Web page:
A piping hot cast iron Kahlua fudge brownie with coffee ice cream and sea salt for dessert

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I took the day off to sightsee.

As I was walking down the riverfront, I saw a man taking photos. He looked familiar. I was pretty sure we had been following each other on social media for a while. I couldn’t resist approaching him. It was Peter Wang (Anaconda Co-founder). It was really fun to meet him, and I found out that he and my friend Andy Fundinger had been consultants at JPMorgan Chase years ago.

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Noticeable Sightings at the Conference Center

I couldn’t resist stopping at the convention center to see what was going on.

Once inside, I soon saw Guido van Rossum (Python Creator and BDFL) walking nearby. He sat down next to me, and I had the chance to chat with him about life and work. I thanked him for spending the time, and he thanked me. I’ve had the chance to spend time with him at three conferences now, and it’s always fun. The Python community is lucky to have a BDFL who actively engages with us and cares.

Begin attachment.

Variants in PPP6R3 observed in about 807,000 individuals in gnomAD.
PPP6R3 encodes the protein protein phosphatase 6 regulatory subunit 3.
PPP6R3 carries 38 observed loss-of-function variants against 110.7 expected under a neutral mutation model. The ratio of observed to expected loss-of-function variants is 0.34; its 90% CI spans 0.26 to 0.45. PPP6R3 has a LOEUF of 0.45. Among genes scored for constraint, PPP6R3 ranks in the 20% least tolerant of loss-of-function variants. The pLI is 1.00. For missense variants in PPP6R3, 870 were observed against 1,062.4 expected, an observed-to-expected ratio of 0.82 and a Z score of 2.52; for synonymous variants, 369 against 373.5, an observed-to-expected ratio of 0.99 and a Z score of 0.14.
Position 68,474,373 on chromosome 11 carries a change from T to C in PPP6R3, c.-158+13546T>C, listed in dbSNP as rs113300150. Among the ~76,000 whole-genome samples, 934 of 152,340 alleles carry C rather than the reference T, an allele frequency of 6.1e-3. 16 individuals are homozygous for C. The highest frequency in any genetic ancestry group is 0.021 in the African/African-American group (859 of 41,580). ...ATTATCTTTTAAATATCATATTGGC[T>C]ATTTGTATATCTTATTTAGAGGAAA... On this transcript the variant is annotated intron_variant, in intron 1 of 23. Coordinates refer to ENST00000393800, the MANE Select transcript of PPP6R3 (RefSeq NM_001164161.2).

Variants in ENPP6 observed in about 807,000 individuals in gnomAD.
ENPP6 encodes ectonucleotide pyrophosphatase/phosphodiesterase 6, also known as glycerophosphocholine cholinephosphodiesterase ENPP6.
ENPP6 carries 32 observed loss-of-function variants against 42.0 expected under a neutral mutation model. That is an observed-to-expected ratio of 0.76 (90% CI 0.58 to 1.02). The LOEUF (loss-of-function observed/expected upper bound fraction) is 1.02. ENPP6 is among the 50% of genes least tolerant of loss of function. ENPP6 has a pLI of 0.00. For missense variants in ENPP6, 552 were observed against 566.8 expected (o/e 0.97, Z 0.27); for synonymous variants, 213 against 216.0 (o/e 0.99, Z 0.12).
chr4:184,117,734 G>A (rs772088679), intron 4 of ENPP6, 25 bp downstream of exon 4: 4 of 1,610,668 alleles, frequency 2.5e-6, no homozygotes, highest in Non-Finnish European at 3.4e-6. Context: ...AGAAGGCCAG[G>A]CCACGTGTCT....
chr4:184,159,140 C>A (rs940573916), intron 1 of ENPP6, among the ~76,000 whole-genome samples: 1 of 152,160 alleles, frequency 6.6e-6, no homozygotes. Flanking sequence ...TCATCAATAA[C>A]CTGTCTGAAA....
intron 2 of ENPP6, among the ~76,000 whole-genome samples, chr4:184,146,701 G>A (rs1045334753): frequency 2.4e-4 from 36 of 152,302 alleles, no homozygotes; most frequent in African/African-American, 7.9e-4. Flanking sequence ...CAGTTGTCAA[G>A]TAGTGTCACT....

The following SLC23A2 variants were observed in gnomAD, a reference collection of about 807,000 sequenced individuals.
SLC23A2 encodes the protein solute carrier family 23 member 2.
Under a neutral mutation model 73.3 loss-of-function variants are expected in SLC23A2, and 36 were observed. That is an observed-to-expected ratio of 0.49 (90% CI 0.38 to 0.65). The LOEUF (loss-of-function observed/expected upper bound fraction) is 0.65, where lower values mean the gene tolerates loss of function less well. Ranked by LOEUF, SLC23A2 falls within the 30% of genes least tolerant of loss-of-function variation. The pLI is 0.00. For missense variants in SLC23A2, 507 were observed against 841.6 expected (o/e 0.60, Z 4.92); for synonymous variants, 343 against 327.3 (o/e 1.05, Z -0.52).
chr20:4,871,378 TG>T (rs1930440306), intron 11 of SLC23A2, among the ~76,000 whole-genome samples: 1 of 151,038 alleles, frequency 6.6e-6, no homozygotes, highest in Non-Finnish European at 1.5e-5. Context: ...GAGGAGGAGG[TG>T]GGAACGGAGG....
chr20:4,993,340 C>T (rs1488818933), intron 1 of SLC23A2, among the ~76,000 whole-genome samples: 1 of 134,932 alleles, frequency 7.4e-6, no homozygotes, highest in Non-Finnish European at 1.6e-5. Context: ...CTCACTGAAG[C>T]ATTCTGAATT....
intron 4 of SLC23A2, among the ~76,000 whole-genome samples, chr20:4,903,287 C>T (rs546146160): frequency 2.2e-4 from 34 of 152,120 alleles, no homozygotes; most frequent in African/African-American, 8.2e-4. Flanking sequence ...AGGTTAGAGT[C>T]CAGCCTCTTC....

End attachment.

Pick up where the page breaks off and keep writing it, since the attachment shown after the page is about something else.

I was thrilled to catch up with some of my DjangoCon US friends: Afi Gbagado (DjangoCon US), Abigail Mesrenyame Dogbe (Technology Chief of Staff and Open Source Founder), Noah Alorwu (Marygold and Co.), Felipe de Morais (AfroPython), Jeff Triplett (RevSys, DEFNA Board Member), Eric Matthes (Author of Python Crash Course), and Trey Hunner (Python Trainer, Python Morsels). I made a new friend Amanda Viera (AfroPython).

Me and Abigail Mesrenyame Dogbe

As usual, Trey had an interesting gaggle of people around him that included Marie Roald and Yngve Mardal Moe (Turtle Thread) and Rodrigo Girão Serrão (Python Math Teacher).